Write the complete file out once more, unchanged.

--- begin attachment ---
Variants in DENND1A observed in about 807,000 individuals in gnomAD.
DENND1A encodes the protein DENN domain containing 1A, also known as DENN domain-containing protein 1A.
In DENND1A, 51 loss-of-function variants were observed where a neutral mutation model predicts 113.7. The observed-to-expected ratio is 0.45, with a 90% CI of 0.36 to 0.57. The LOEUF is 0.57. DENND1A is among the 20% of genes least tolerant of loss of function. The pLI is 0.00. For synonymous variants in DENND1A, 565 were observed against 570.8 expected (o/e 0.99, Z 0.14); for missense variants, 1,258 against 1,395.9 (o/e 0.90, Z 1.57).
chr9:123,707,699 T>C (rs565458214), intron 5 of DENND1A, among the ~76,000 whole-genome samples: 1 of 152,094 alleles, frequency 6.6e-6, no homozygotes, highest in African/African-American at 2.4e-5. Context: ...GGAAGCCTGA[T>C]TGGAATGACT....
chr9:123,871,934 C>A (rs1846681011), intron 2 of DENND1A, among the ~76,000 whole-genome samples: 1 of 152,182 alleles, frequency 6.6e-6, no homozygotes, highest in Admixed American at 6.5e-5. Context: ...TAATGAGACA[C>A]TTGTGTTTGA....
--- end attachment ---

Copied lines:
Variants in DENND1A observed in about 807,000 individuals in gnomAD.
DENND1A encodes the protein DENN domain containing 1A, also known as DENN domain-containing protein 1A.
In DENND1A, 51 loss-of-function variants were observed where a neutral mutation model predicts 113.7. The observed-to-expected ratio is 0.45, with a 90% CI of 0.36 to 0.57. The LOEUF is 0.57. DENND1A is among the 20% of genes least tolerant of loss of function. The pLI is 0.00. For synonymous variants in DENND1A, 565 were observed against 570.8 expected (o/e 0.99, Z 0.14); for missense variants, 1,258 against 1,395.9 (o/e 0.90, Z 1.57).
chr9:123,707,699 T>C (rs565458214), intron 5 of DENND1A, among the ~76,000 whole-genome samples: 1 of 152,094 alleles, frequency 6.6e-6, no homozygotes, highest in African/African-American at 2.4e-5. Context: ...GGAAGCCTGA[T>C]TGGAATGACT....
chr9:123,871,934 C>A (rs1846681011), intron 2 of DENND1A, among the ~76,000 whole-genome samples: 1 of 152,182 alleles, frequency 6.6e-6, no homozygotes, highest in Admixed American at 6.5e-5. Context: ...TAATGAGACA[C>A]TTGTGTTTGA....